With Captain Clark in sole command, the Corps of Volunteers for North Western Discovery, as it was soon to be dubbed, left the mouth of Wood River at 4 P.M. on 14 May 1804. The flotilla was comprised of the barge and two pirogues (large rowboats), one painted red and the other white to distinguish them from afar, of six oars and seven oars, respectively.
Clark and the men "proceeded on under a jentle brease," bound for St. Charles. Arriving there on the 16th, they had already learned two things. First, they must load each boat heavy in the bow to prevent it from riding up over snags and drifts. Second, they needed more manpower.
St. Charles was a single, mile-long main street with 100 dwellings, 450 "pore, polite & harmonious" inhabitants, and a chapel. The settlement occupied a narrow bench between the river and a range of small hills, hence its original French name, Les Petites Côtes, or "Little Hills."
On Sunday, 20 May 1804, anticipating the dangerous mission, and perhaps desirous of all the divine help they could summon, Sergeant Ordway "and a nomber of the party went to the Mass." As Pvt. Joseph Whitehouse wrote, the Roman Catholic service "was a novelty to them."
Captain Lewis arrived from St. Louis that afternoon, and the next morning the Corps set out in earnest, having gained two enlistees who would prove extremely valuable—interpreter Francois Labiche and river pilot Pierre Cruzatte. The expedition now comprised more than forty men—soldiers, civilian employees, and perhaps a dozen French-Canadian hired hands, or engagés. They also had two horses for use by the hunters for hauling fresh meat to each night's campsite.
After the expedition, Lewis himself intended to edit their journals for publication, but that plan never came to fruition. After many unexplained delays, Lewis died possibly by his own hand on October 11, 1809, at Grinder's Stand (inn) on the Natchez Trace. In mid-March of 1810, Nicholas Biddle agreed to undertake the job of editing the two captains' journals, and in April he met with Clark near Fincastle, Virginia to read through the manuscripts and discuss many of the questions his reading brought to his mind. The record he made of Clark's responses to his queries contains many details of the journey that were not mentioned in the journals. Clark's journal description of St. Charles in combination with Biddle's notes from his 1810 interview with Clark1 resulted in this description that appeared in the Biddle's 1814 edition of Lewis's and Clark's journals:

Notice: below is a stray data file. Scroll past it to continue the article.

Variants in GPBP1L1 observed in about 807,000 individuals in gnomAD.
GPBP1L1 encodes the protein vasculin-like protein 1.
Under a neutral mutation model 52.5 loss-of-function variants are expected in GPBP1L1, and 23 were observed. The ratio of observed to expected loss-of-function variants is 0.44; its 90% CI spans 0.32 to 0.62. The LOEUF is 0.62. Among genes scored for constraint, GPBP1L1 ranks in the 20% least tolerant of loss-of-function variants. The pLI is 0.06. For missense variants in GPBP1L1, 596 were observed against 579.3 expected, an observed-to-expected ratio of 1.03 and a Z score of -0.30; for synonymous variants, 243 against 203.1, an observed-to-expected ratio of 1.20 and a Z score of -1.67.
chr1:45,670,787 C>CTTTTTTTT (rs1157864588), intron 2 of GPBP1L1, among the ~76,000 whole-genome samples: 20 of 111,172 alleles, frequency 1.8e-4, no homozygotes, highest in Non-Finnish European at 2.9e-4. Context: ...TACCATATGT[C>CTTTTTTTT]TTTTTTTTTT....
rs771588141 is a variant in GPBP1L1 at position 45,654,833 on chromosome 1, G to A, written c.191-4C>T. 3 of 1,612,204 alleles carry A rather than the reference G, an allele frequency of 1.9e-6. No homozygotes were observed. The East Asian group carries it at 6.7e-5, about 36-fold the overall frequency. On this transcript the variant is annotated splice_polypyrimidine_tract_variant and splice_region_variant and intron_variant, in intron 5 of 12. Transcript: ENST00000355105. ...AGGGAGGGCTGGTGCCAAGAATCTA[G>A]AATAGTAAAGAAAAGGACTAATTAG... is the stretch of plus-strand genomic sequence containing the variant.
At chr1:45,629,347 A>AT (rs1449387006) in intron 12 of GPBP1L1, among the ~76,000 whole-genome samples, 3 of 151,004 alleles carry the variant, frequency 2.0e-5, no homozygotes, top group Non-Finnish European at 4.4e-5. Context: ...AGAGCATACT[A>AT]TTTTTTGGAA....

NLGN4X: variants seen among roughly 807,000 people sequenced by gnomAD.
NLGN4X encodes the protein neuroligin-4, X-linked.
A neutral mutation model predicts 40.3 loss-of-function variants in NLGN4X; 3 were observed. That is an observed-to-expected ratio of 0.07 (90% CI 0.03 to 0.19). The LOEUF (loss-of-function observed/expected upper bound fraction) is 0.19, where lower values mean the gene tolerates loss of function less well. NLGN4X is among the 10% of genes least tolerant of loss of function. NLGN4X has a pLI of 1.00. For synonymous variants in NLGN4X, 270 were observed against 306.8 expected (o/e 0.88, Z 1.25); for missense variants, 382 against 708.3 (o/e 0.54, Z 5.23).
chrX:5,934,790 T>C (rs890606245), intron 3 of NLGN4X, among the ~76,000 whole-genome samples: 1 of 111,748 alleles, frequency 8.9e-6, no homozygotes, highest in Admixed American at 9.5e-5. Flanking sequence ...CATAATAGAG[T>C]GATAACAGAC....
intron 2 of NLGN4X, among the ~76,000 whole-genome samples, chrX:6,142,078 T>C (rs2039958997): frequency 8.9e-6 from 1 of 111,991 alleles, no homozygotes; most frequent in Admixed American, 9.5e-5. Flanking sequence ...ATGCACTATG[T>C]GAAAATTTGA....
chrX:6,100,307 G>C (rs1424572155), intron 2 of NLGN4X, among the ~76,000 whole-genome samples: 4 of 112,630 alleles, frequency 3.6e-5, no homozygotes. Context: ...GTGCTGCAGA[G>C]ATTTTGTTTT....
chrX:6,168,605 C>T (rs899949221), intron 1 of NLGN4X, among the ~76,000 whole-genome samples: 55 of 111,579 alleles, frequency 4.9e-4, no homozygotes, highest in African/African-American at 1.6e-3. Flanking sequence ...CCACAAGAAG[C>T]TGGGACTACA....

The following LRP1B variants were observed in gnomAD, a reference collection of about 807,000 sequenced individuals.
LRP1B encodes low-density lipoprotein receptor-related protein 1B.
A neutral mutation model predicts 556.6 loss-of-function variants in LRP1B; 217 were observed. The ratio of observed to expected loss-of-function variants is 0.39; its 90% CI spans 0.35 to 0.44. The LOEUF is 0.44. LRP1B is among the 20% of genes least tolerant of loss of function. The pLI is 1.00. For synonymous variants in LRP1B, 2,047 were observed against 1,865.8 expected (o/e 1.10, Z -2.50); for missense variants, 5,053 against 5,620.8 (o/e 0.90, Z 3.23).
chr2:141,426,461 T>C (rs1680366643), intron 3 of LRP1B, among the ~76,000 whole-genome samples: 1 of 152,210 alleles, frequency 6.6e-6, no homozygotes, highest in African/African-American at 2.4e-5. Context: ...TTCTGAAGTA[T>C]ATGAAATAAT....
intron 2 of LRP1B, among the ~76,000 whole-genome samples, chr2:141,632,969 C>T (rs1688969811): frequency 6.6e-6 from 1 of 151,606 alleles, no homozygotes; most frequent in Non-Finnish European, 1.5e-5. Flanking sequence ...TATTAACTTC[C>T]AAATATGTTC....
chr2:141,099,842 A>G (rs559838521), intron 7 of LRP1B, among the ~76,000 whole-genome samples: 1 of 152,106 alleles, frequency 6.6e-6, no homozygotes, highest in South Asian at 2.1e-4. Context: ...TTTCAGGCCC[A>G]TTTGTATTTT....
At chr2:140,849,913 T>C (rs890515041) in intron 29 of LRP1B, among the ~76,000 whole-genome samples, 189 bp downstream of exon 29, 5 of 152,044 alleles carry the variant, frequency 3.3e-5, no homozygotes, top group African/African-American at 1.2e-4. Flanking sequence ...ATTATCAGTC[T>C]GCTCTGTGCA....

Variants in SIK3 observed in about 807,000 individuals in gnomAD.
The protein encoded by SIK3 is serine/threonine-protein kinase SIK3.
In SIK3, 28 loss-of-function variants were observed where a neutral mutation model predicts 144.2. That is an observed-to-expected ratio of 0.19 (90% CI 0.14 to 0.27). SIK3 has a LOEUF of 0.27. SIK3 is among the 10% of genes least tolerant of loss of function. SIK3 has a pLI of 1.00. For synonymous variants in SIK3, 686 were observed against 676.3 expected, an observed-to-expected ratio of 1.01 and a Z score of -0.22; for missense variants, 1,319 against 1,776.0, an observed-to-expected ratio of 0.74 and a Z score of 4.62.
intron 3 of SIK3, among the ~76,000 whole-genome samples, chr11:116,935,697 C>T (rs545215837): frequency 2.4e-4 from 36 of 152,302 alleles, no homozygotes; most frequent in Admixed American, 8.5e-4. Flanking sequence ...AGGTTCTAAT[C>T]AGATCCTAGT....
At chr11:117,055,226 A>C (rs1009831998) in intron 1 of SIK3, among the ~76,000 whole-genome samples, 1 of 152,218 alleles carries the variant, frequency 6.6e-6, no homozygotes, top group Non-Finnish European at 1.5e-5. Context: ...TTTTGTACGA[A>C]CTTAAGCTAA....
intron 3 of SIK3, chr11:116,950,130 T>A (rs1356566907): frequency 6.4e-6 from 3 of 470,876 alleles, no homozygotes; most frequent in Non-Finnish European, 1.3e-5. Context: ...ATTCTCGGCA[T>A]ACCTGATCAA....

St. Charles is a small town on the north bank of the Missouri, about twenty-one miles from its confluence with the Mississippi. It is situated in a narrow plain, sufficiently high to protect it from the annual risings of the river in the month of June, and at the foot of a range of small hills, which have occasioned its being called Petite Cote, a name by which it is more known to the French than by that of St. Charles. One principal street, about a mile in length and running parallel with the river, divides the town, which is composed of nearly one hundred small wooden houses, besides a chapel. The inhabitants, about four hundred and fifty in number, are chiefly descendants from the French of Canada; and, in their manners, they unite all the careless gayety, and the amiable hospitality of the best times of France: yet, like most of their countrymen in America, they are but ill qualified for the rude life of a frontier; not that they are without talent, for they possess much natural genius and vivacity; nor that they are destitute of enterprize, for their hunting excursions are long, laborious, and hazardous: but their exertions are all desultory; their industry is without system, and without perseverance. The surrounding country, therefore, though rich, is not, in general, well cultivated; the inhabitants chiefly subsisting by hunting and trade with the Indians, and confine their culture to gardening, in which they excel.
Les Petites Côtes had been founded in 1765 by a French Canadian fur trader. In 1791 a Roman Catholic church was built there, and dedicated to San Carlos Borromeo—St. Charles of Borromeo. (That was the church most of the Corps of Discovery attended on Sunday morning, May 20, 1804.) The old town soon came to be known as San Carlos del Misuri, and soon just "St. Charles." It was linked with St. Louis (founded as a trading post in 1764 by Auguste Chouteau), 19½ miles to the southeast, by the trail Meriwether Lewis followed to join Clark and the rest of the party at St. Charles on the afternoon of May 20. Once known as the St. Charles Rock Road, it still exists in part as a major route through northwest St. Louis County.
St. Charles was the first territorial capitol of Missouri, and the first state capitol from 1821 until 1826, when the state government was relocated to Jefferson City. The population of St. Charles as of the 2000 census was 60,321.
From Discovering Lewis & Clark from the Air
Photography by Jim Wark
Text by Joseph Mussulman
Reproduced by permission of Mountain Press
1. Jackson, Letters, 2:507.